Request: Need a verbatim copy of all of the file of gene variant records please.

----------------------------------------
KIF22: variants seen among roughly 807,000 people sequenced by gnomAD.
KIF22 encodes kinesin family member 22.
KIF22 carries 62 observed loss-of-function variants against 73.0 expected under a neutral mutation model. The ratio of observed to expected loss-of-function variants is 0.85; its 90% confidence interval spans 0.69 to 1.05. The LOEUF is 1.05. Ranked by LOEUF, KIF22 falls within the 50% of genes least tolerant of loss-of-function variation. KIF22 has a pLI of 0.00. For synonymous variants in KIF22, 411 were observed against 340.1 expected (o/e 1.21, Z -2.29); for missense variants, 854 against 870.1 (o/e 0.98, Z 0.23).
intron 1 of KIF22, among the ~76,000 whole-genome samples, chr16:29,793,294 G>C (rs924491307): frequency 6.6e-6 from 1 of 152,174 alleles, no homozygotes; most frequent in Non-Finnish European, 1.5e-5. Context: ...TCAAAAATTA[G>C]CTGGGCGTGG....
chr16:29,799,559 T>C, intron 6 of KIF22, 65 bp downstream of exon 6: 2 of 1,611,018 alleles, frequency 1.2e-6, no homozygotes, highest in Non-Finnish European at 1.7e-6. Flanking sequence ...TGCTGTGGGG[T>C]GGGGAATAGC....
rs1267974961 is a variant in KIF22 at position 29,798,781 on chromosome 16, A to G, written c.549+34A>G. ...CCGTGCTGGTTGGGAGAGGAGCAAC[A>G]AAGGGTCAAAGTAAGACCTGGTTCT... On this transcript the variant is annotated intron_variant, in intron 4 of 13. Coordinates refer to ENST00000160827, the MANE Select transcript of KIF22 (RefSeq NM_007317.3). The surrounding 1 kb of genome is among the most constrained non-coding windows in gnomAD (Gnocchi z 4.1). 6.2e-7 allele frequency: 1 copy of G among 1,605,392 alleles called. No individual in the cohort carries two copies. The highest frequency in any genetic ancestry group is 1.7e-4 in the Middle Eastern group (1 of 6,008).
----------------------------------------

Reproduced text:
KIF22: variants seen among roughly 807,000 people sequenced by gnomAD.
KIF22 encodes kinesin family member 22.
KIF22 carries 62 observed loss-of-function variants against 73.0 expected under a neutral mutation model. The ratio of observed to expected loss-of-function variants is 0.85; its 90% confidence interval spans 0.69 to 1.05. The LOEUF is 1.05. Ranked by LOEUF, KIF22 falls within the 50% of genes least tolerant of loss-of-function variation. KIF22 has a pLI of 0.00. For synonymous variants in KIF22, 411 were observed against 340.1 expected (o/e 1.21, Z -2.29); for missense variants, 854 against 870.1 (o/e 0.98, Z 0.23).
intron 1 of KIF22, among the ~76,000 whole-genome samples, chr16:29,793,294 G>C (rs924491307): frequency 6.6e-6 from 1 of 152,174 alleles, no homozygotes; most frequent in Non-Finnish European, 1.5e-5. Context: ...TCAAAAATTA[G>C]CTGGGCGTGG....
chr16:29,799,559 T>C, intron 6 of KIF22, 65 bp downstream of exon 6: 2 of 1,611,018 alleles, frequency 1.2e-6, no homozygotes, highest in Non-Finnish European at 1.7e-6. Flanking sequence ...TGCTGTGGGG[T>C]GGGGAATAGC....
rs1267974961 is a variant in KIF22 at position 29,798,781 on chromosome 16, A to G, written c.549+34A>G. ...CCGTGCTGGTTGGGAGAGGAGCAAC[A>G]AAGGGTCAAAGTAAGACCTGGTTCT... On this transcript the variant is annotated intron_variant, in intron 4 of 13. Coordinates refer to ENST00000160827, the MANE Select transcript of KIF22 (RefSeq NM_007317.3). The surrounding 1 kb of genome is among the most constrained non-coding windows in gnomAD (Gnocchi z 4.1). 6.2e-7 allele frequency: 1 copy of G among 1,605,392 alleles called. No individual in the cohort carries two copies. The highest frequency in any genetic ancestry group is 1.7e-4 in the Middle Eastern group (1 of 6,008).